Spike vs Plug Aerator: What Are the Differences and Which Is Best for You?

Bio Photo - Terry Homes
Terry Holmes
Staff Writer

Terry has worked in a gardening-related industry for the past 18 years and has always worked hard to ensure his clients have the best experience...

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There are many benefits to aerating your lawn and it is indeed often essential if you want to maintain a fantastic healthy looking beautiful lawn year after year. Aeration should in fact form part of the core maintenance you should conduct every year to keep it in tip-top condition.

When it comes to aerating your lawn, there are two main types of aerators: spike aerators and plug aerators. Both types of aeration have their benefits and drawbacks, so it’s important to choose the right one for your lawn. Here’s a look at the differences between spike and plug aerators, the advantages and disadvantages of each method, and which is best for you.

A spike aerator has solid thin spikes between two to nine inches in length, depending on the tool. These spikes puncture the ground leaving small holes less than half an inch in diameter. By contrast, plug aerators have hollow tines that are up to three-quarters of an inch in diameter and between two to six inches deep. Rather than puncturing the ground, they remove complete cores of soil.

Spike Aeration

Spike Aerator

Spike aerators are the most common type of aerator. It is a garden tool that creates small holes in the ground with sharp tines. These sharp spikes help to break up and loosen compacted soil without digging out cores. This has the effect of reducing soil compaction and helping with drainage.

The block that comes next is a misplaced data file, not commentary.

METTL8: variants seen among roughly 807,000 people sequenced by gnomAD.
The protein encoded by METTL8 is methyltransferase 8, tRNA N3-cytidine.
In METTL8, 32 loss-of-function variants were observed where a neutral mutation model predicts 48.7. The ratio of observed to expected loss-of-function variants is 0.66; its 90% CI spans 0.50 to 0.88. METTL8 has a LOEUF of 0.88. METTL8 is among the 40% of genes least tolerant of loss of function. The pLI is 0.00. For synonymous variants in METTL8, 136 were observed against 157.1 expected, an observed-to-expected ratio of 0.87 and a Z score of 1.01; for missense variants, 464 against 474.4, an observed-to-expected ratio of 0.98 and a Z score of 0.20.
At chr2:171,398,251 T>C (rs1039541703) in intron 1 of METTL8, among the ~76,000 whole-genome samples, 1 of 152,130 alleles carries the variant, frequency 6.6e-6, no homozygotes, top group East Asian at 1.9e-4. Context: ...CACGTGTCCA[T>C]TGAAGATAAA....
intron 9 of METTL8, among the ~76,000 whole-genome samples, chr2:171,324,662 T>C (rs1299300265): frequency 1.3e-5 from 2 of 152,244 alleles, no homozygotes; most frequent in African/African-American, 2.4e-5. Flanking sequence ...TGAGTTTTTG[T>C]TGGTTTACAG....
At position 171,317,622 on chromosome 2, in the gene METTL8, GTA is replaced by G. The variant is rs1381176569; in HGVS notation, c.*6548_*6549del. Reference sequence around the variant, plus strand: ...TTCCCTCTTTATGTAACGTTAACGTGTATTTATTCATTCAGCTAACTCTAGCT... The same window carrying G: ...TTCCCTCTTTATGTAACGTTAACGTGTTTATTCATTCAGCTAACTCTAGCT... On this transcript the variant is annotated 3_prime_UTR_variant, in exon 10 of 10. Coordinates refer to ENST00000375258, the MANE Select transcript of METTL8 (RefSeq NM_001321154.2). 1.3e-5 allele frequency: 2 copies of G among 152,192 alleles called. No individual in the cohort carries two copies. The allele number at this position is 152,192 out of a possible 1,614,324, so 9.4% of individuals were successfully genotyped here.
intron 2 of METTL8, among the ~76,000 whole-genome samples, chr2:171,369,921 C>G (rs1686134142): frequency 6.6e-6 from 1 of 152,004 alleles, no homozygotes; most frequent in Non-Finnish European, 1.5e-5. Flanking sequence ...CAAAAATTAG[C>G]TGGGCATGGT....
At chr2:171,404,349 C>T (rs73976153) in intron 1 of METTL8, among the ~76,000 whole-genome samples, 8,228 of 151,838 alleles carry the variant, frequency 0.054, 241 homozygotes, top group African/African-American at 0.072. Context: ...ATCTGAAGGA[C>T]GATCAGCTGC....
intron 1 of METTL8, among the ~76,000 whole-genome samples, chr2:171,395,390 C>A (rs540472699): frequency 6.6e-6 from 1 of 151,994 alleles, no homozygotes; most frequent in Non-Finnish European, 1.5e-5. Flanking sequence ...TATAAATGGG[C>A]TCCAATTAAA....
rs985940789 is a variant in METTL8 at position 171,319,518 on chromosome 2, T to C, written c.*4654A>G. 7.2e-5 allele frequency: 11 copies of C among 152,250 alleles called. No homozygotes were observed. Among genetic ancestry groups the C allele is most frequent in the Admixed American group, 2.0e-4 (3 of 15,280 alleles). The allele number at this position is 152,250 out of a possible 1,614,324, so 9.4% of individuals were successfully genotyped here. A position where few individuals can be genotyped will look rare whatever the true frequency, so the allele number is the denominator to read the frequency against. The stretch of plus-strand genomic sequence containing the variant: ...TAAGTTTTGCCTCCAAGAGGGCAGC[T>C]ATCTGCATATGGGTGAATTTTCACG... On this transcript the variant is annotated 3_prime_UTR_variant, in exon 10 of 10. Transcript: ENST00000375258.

This is vital because compacted soil may hinder grass roots from receiving enough oxygen, water, and nutrients. Spike aeration helps to alleviate this problem by making small holes in the ground surface.

Different spike aerators have solid tines of which the lengths can vary. These can be from 2 to 3 inches up to 7 to 8 inches with some spike aerators

With a spike aerator, there is a good chance that you will have to aerate your lawn much more often than if you were using a core aerator. This is because the effects of spike aeration don’t last as long, but the process is less disruptive and easier to do. In practice, this may come down to you having to aerate two or three times a year.

Types of Spike Aeration Tools

There are various ways in which you can employ spike aeration. From the use of a simple garden fork to spike shoes, manual aerators, push spike tools, and mower spikes attachments.

Shoe Attachments

Probably the cheapest dedicated tool is a spiked shoe or boot aerator. This is footwear that has short spikes attached to the soles so that as you walk around your lawn you aerate it.

In theory, this sounds like a wonderful idea, however, in practice, it is not. It is actually quite strenuous to walk around with spikes on your shoes puncturing holes 2 or 3 inches deep in the soil as you go. If you have a large area to aerate you will need to be fit to cover it in one go.